ChiliToSimmer

When I uncovered the pot I steamed up my glasses. Ah, the joys of finally starting to wear glasses full-time at age 44! Once the steam cleared I stirred the pot and saw that the chunks were tender and the liquid had thickened slightly. The chili smelled rich and smoky, but not too spicy; I considered adding a bit of Tabasco but decided not to, thinking it would be fine without the added bite. I stirred in some chopped scallions and spooned up bowls for me and Scott.

ChiliToFreeze

The chili was terrific; the chili peppers had given it a depth of flavor and a smoky tone, but not too much heat. (The chipotle was pretty small; maybe using two or three would have heated things up.) The slow simmering had taken the tart edge off the tomatoes and had allowed the shredded zucchini to effectively disappear into the liquidy base. We couldn’t really see zucchini shreds but we enjoyed the body they gave the chili. I’ll definitely keep using rehydrated dried peppers, perhaps experimenting with a few other varieties. And next summer I want to can some Greenmarket tomatoes for use in winter soups and stews.

I’m probably not doing the cooking again until at least Wednesday. Scott is in charge of homemade pizza tomorrow, and on Tuesday night we’re having a party at the office to watch me compete on “Jeopardy!” That’s right: In November we went out to Los Angeles for taping, and have been sworn to secrecy ever since, but on Tuesday everyone will finally get to find out how my (first?) episode went. So tune in!

Is this the end of Twinkiehenge?

TwinkieHenge

Hostess has declared bankruptcy. It sounds like the company has been struggling with debt, but that in the short term this is not likely to result in any interruption to operations. So you’ll still be able to buy Twinkies, Wonder Bread and other highly processed foodstuffs, assuming you care for that sort of thing. The NYT article strongly hints that labor and pension costs are a big issue, but if you’re getting into debt to the tune of $860 million there’s a lot more wrong with your planning than just paying your workers too well, I think.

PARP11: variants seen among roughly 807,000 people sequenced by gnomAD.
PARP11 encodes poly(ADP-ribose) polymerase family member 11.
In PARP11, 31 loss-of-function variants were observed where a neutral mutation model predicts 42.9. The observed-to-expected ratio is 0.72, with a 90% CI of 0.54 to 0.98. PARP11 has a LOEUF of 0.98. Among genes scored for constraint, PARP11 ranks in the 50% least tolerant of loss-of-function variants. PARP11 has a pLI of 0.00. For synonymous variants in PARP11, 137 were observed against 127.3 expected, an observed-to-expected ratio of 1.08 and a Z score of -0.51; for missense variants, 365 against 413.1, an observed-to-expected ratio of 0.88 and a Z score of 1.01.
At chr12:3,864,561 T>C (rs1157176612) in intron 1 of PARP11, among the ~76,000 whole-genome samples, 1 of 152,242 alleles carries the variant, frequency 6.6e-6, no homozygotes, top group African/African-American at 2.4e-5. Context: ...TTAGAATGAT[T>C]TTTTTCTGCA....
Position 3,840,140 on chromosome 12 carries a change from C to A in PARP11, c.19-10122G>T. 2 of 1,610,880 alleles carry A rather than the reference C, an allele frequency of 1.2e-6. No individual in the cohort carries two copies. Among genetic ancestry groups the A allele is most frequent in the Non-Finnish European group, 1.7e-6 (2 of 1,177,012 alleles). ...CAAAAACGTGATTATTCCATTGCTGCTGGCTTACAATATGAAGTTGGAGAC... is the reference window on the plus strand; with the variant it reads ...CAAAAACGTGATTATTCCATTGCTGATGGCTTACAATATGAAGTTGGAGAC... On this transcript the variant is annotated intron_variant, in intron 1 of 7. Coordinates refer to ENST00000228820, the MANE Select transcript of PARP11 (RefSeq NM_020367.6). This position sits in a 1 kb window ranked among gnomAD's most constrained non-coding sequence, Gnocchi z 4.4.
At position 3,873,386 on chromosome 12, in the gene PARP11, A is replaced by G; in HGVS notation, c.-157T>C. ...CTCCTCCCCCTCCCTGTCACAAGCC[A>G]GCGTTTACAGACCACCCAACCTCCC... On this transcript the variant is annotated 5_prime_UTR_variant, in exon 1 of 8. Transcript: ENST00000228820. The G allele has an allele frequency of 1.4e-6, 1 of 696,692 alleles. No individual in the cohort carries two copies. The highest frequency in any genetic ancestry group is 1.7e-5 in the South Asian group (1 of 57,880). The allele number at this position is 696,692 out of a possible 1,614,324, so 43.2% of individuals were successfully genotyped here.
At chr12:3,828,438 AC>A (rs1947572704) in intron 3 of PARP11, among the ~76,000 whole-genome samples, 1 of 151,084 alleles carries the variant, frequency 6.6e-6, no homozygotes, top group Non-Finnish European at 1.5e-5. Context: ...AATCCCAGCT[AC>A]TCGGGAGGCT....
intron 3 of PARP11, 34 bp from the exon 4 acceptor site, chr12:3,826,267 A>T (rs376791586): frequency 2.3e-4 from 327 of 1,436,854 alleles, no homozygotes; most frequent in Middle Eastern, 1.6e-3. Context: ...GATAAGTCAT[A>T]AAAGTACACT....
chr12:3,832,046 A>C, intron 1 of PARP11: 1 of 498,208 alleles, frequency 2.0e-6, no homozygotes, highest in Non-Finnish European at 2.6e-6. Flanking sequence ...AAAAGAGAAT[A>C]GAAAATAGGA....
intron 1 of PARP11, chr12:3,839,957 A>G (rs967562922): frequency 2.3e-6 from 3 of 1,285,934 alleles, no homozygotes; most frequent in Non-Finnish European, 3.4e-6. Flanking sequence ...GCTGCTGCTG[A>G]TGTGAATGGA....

A lot of the coverage has been suggesting, possibly tongue in cheek, that consumers may want to stock up on Twinkies just in case the company ends up folding. I can’t get behind that, but use your own judgment. They don’t actually last forever — though I held onto the ones left over from my Twinkiehenge for over a year before finally discarding them and they didn’t look appreciably changed. But I didn’t taste them to find out.

Homemade soup and olive-caper rolls: improvisation

CookedSoup2

Just a short post tonight. Winter seems to finally be taking effect in New York — not like in the Midwest, no snow, only a few truly cold days, but still, cold enough for soup to sound like a good idea.

Soup is also good for when you have a lean grocery budget, when you have a few leftovers you want to use up, and when you feel like you’ve been eating a few too many cookies and a few too many french fries lately.

SoupToSimmer

I think I’ve talked about my improvised vegetable soup here before: start with sauteeing onions and garlic in some olive oil, then keep tossing in vegetables so they are not so much browning in oil as steaming in their own moisture; then add broth and spices, bring to a boil, and let simmer until the biggest, sturdiest vegetables are appropriately tender.

RollsBaked

I thought the soup would go well with olive rolls — baking is also a good excuse to heat the oven on a cold day — but I found I didn’t have enough kalamata olives to make a paste, or enough time to go out and get more. So I dug through the fridge and found a jar of capers, and thought an olive-caper paste would do well enough. I threw in some parmesan that needed to be used up, with enough oil and olive brine and balsamic vinegar to make the mixture most enough to puree in the food processor.

OliveCaperPasteOnDough

I rolled out my standard improvised bread dough — a slightly softer variation of pizza dough — and spread the paste on, then rolled it up in a spiral like cinnamon rolls. Well, sort of. I let the rolls have a short second rise while I preheated the oven and got the soup to the point of simmering, then let them bake for about 25 minutes.

RollsToBake